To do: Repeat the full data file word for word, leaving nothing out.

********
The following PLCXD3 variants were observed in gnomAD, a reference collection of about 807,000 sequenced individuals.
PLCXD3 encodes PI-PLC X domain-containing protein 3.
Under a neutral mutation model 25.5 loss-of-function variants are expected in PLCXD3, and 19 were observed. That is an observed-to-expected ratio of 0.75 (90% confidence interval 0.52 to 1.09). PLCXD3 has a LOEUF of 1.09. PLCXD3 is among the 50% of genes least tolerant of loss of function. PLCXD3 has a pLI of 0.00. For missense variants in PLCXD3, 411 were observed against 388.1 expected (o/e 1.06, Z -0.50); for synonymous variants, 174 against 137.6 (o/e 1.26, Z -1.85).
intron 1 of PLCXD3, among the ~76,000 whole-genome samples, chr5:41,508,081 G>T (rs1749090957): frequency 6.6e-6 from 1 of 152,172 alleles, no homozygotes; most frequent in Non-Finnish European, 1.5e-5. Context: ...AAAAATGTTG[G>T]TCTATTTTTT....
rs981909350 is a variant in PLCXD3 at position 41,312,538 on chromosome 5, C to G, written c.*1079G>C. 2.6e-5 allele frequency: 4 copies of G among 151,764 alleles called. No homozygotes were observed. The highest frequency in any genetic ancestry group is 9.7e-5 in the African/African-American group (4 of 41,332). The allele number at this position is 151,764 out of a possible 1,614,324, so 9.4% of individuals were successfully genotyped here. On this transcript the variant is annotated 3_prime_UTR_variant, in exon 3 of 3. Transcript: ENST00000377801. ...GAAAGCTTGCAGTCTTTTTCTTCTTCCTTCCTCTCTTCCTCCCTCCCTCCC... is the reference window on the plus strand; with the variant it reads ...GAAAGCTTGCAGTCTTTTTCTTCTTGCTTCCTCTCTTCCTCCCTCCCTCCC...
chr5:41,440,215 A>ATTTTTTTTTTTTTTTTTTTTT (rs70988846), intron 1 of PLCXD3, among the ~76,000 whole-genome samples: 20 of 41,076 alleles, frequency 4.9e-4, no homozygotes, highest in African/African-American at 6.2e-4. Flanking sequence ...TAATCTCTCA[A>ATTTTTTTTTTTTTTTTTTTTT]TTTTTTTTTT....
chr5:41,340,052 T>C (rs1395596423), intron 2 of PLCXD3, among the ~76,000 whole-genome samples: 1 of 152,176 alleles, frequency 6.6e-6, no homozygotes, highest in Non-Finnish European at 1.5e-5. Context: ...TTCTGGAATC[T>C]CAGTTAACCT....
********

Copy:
The following PLCXD3 variants were observed in gnomAD, a reference collection of about 807,000 sequenced individuals.
PLCXD3 encodes PI-PLC X domain-containing protein 3.
Under a neutral mutation model 25.5 loss-of-function variants are expected in PLCXD3, and 19 were observed. That is an observed-to-expected ratio of 0.75 (90% confidence interval 0.52 to 1.09). PLCXD3 has a LOEUF of 1.09. PLCXD3 is among the 50% of genes least tolerant of loss of function. PLCXD3 has a pLI of 0.00. For missense variants in PLCXD3, 411 were observed against 388.1 expected (o/e 1.06, Z -0.50); for synonymous variants, 174 against 137.6 (o/e 1.26, Z -1.85).
intron 1 of PLCXD3, among the ~76,000 whole-genome samples, chr5:41,508,081 G>T (rs1749090957): frequency 6.6e-6 from 1 of 152,172 alleles, no homozygotes; most frequent in Non-Finnish European, 1.5e-5. Context: ...AAAAATGTTG[G>T]TCTATTTTTT....
rs981909350 is a variant in PLCXD3 at position 41,312,538 on chromosome 5, C to G, written c.*1079G>C. 2.6e-5 allele frequency: 4 copies of G among 151,764 alleles called. No homozygotes were observed. The highest frequency in any genetic ancestry group is 9.7e-5 in the African/African-American group (4 of 41,332). The allele number at this position is 151,764 out of a possible 1,614,324, so 9.4% of individuals were successfully genotyped here. On this transcript the variant is annotated 3_prime_UTR_variant, in exon 3 of 3. Transcript: ENST00000377801. ...GAAAGCTTGCAGTCTTTTTCTTCTTCCTTCCTCTCTTCCTCCCTCCCTCCC... is the reference window on the plus strand; with the variant it reads ...GAAAGCTTGCAGTCTTTTTCTTCTTGCTTCCTCTCTTCCTCCCTCCCTCCC...
chr5:41,440,215 A>ATTTTTTTTTTTTTTTTTTTTT (rs70988846), intron 1 of PLCXD3, among the ~76,000 whole-genome samples: 20 of 41,076 alleles, frequency 4.9e-4, no homozygotes, highest in African/African-American at 6.2e-4. Flanking sequence ...TAATCTCTCA[A>ATTTTTTTTTTTTTTTTTTTTT]TTTTTTTTTT....
chr5:41,340,052 T>C (rs1395596423), intron 2 of PLCXD3, among the ~76,000 whole-genome samples: 1 of 152,176 alleles, frequency 6.6e-6, no homozygotes, highest in Non-Finnish European at 1.5e-5. Context: ...TTCTGGAATC[T>C]CAGTTAACCT....